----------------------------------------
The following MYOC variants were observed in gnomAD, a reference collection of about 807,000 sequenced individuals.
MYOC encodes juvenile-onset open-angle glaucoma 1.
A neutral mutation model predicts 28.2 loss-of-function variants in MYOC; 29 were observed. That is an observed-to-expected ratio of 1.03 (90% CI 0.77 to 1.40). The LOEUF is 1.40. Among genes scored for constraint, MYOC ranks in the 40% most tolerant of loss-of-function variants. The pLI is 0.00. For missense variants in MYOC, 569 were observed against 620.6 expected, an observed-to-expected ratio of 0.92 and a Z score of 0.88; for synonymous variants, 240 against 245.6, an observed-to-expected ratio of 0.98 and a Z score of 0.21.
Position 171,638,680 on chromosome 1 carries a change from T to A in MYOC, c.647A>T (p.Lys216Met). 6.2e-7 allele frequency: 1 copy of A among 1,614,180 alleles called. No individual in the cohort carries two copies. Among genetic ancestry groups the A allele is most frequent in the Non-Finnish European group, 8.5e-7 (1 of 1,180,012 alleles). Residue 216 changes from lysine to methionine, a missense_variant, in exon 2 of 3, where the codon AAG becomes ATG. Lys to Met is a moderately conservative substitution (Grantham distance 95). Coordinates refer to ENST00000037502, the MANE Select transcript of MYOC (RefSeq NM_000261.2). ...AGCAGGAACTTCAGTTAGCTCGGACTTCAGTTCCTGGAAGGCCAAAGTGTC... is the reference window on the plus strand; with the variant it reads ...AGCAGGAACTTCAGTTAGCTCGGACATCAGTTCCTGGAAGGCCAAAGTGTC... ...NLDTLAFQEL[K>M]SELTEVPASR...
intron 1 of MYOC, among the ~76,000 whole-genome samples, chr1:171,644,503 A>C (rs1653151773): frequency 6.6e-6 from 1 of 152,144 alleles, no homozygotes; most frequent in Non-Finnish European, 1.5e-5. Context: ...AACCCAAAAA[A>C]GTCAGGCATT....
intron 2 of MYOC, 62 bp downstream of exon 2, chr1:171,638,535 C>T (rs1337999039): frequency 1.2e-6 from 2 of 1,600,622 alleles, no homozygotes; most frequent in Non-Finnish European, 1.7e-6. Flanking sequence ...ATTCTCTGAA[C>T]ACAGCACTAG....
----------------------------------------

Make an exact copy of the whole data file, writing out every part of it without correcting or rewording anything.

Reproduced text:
The following MYOC variants were observed in gnomAD, a reference collection of about 807,000 sequenced individuals.
MYOC encodes juvenile-onset open-angle glaucoma 1.
A neutral mutation model predicts 28.2 loss-of-function variants in MYOC; 29 were observed. That is an observed-to-expected ratio of 1.03 (90% CI 0.77 to 1.40). The LOEUF is 1.40. Among genes scored for constraint, MYOC ranks in the 40% most tolerant of loss-of-function variants. The pLI is 0.00. For missense variants in MYOC, 569 were observed against 620.6 expected, an observed-to-expected ratio of 0.92 and a Z score of 0.88; for synonymous variants, 240 against 245.6, an observed-to-expected ratio of 0.98 and a Z score of 0.21.
Position 171,638,680 on chromosome 1 carries a change from T to A in MYOC, c.647A>T (p.Lys216Met). 6.2e-7 allele frequency: 1 copy of A among 1,614,180 alleles called. No individual in the cohort carries two copies. Among genetic ancestry groups the A allele is most frequent in the Non-Finnish European group, 8.5e-7 (1 of 1,180,012 alleles). Residue 216 changes from lysine to methionine, a missense_variant, in exon 2 of 3, where the codon AAG becomes ATG. Lys to Met is a moderately conservative substitution (Grantham distance 95). Coordinates refer to ENST00000037502, the MANE Select transcript of MYOC (RefSeq NM_000261.2). ...AGCAGGAACTTCAGTTAGCTCGGACTTCAGTTCCTGGAAGGCCAAAGTGTC... is the reference window on the plus strand; with the variant it reads ...AGCAGGAACTTCAGTTAGCTCGGACATCAGTTCCTGGAAGGCCAAAGTGTC... ...NLDTLAFQEL[K>M]SELTEVPASR...
intron 1 of MYOC, among the ~76,000 whole-genome samples, chr1:171,644,503 A>C (rs1653151773): frequency 6.6e-6 from 1 of 152,144 alleles, no homozygotes; most frequent in Non-Finnish European, 1.5e-5. Context: ...AACCCAAAAA[A>C]GTCAGGCATT....
intron 2 of MYOC, 62 bp downstream of exon 2, chr1:171,638,535 C>T (rs1337999039): frequency 1.2e-6 from 2 of 1,600,622 alleles, no homozygotes; most frequent in Non-Finnish European, 1.7e-6. Flanking sequence ...ATTCTCTGAA[C>T]ACAGCACTAG....